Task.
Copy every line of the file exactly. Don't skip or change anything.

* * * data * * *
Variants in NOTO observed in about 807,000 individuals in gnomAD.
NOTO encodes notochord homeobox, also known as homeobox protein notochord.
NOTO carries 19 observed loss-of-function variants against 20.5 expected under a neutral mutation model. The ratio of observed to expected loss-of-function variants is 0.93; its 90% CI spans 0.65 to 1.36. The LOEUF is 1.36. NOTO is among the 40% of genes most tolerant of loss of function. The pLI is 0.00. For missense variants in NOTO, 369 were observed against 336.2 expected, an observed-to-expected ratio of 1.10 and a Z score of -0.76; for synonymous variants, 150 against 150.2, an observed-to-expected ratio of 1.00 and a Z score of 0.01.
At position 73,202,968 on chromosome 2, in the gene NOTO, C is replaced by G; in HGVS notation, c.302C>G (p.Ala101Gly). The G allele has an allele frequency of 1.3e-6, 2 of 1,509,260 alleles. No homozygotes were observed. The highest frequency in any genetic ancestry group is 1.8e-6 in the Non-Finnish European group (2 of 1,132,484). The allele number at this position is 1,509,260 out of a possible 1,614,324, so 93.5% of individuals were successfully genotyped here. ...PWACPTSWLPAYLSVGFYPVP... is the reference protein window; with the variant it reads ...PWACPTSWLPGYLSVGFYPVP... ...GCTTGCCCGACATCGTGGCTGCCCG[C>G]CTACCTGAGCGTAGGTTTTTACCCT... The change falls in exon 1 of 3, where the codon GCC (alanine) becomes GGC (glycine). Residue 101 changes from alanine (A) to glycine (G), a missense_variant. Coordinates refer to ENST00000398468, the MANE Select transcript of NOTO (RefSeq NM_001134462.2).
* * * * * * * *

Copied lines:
Variants in NOTO observed in about 807,000 individuals in gnomAD.
NOTO encodes notochord homeobox, also known as homeobox protein notochord.
NOTO carries 19 observed loss-of-function variants against 20.5 expected under a neutral mutation model. The ratio of observed to expected loss-of-function variants is 0.93; its 90% CI spans 0.65 to 1.36. The LOEUF is 1.36. NOTO is among the 40% of genes most tolerant of loss of function. The pLI is 0.00. For missense variants in NOTO, 369 were observed against 336.2 expected, an observed-to-expected ratio of 1.10 and a Z score of -0.76; for synonymous variants, 150 against 150.2, an observed-to-expected ratio of 1.00 and a Z score of 0.01.
At position 73,202,968 on chromosome 2, in the gene NOTO, C is replaced by G; in HGVS notation, c.302C>G (p.Ala101Gly). The G allele has an allele frequency of 1.3e-6, 2 of 1,509,260 alleles. No homozygotes were observed. The highest frequency in any genetic ancestry group is 1.8e-6 in the Non-Finnish European group (2 of 1,132,484). The allele number at this position is 1,509,260 out of a possible 1,614,324, so 93.5% of individuals were successfully genotyped here. ...PWACPTSWLPAYLSVGFYPVP... is the reference protein window; with the variant it reads ...PWACPTSWLPGYLSVGFYPVP... ...GCTTGCCCGACATCGTGGCTGCCCG[C>G]CTACCTGAGCGTAGGTTTTTACCCT... The change falls in exon 1 of 3, where the codon GCC (alanine) becomes GGC (glycine). Residue 101 changes from alanine (A) to glycine (G), a missense_variant. Coordinates refer to ENST00000398468, the MANE Select transcript of NOTO (RefSeq NM_001134462.2).